Error Handling in the Documentum DMCL API

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When you issue an API in Documentum, you get a return code. In most cases, this return code will tell you whether the API succeeded or failed. If you are issuing the APIExec or APISet APIs, a successful return code is -1. If the return code is 0, the API failed. If you issue the APIGet API, the value that is returned is the value that you requested. When using APIGet, there is not an explicit success/failure return code, though in some cases, you can detect a failure if it returns an empty string when you were expecting a value.

But for the purposes of this discussion, let’s stick to talking about APIExec and APISet, which have explicit success/failure return codes.

If you execute an API and get an invalid return code, you know that you have encountered an error. This error could be caused by many things – there could be a system error (like the network or docbase being down), the data you are trying to enter might be bad (like trying to specify a character in an interger field), or the syntax of the API could be wrong. If you get an invalid return code, you should look for a Documentum error message to get more explicit information on what went wrong.

Error Messages

The getmessage API

Documentum places all error messages, warnings, and informational messages into a message queue. To access this queue, you execute the getmessage API.

strErrorMessage = APIGet("getmessage,c")

The Error Message Queue

The getmessage API returns all of the error messages that are currently in the error message queue, not just the most recent message. Sometimes, when you issue the getmessage API, you receive several messages. This can occur when you haven’t retrieved earlier, unrelated messages. However, when you encounter some errors, you might get 2 or three messages queued up at once. One would be a general message, the other a more specific message. For example, if you try to assign an invalid ACL to an object, you will receive the following two error messages when you attempt to save the object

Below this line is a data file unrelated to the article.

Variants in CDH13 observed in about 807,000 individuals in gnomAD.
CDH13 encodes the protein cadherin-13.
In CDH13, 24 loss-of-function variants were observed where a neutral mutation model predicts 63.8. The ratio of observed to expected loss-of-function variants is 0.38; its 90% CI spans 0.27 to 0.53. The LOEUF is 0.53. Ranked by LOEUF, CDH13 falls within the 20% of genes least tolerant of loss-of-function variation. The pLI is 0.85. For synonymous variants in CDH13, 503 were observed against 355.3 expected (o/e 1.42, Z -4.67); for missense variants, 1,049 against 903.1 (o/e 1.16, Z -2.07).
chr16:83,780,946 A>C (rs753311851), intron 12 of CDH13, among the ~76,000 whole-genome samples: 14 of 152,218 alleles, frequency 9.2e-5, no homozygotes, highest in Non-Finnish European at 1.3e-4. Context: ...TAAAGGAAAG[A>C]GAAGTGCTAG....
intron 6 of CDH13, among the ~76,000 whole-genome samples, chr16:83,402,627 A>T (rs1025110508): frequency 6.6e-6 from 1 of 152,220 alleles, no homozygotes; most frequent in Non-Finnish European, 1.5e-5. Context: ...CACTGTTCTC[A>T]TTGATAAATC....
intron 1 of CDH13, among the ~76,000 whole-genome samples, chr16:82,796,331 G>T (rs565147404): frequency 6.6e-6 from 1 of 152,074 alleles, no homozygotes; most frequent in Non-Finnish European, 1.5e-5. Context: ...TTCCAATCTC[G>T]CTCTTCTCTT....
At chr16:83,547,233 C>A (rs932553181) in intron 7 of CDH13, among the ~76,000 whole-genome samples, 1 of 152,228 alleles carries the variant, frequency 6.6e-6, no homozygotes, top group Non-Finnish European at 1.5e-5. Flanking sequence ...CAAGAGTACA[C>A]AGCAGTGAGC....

[DM_SYSOBJECT_E_CANT_FETCH_ACL]error: "Failed to fetch the ACL 'sdfsdf' in domain 'Admin' for dm_folder 'test'."
[DM_ACL_E_CANT_FETCH_ACL]error: "Failed to fetch the ACL 'sdfsdf' in the domain 'Admin'."

Although these error messages seem similar, you can see that the first error message is a SYSOBJECT error message while the second message is an ACL error message. In this case, the ACL error message was generated first. When you issue the getmessage API, you will receive the most recent message first.
Note: You will often encounter a message that looks like this:

[DM_SESSION_I_SESSION_START]info: "Session 010f42a480003a3a started for user Admin."

This message is an informational message (you can tell because of the info: following the bracketed string of text). Documentum generates this message whenver your session has been inactive for a while. After a period of inactivity, Documentum will disconnect you from the server to conserve resources. The next time you make a request of the server, Documentum will automatically reconnect without you knowing. For this reason, you may find this informational message waiting in the bottom of your message queue. So if you encounter this message, you can ignore it.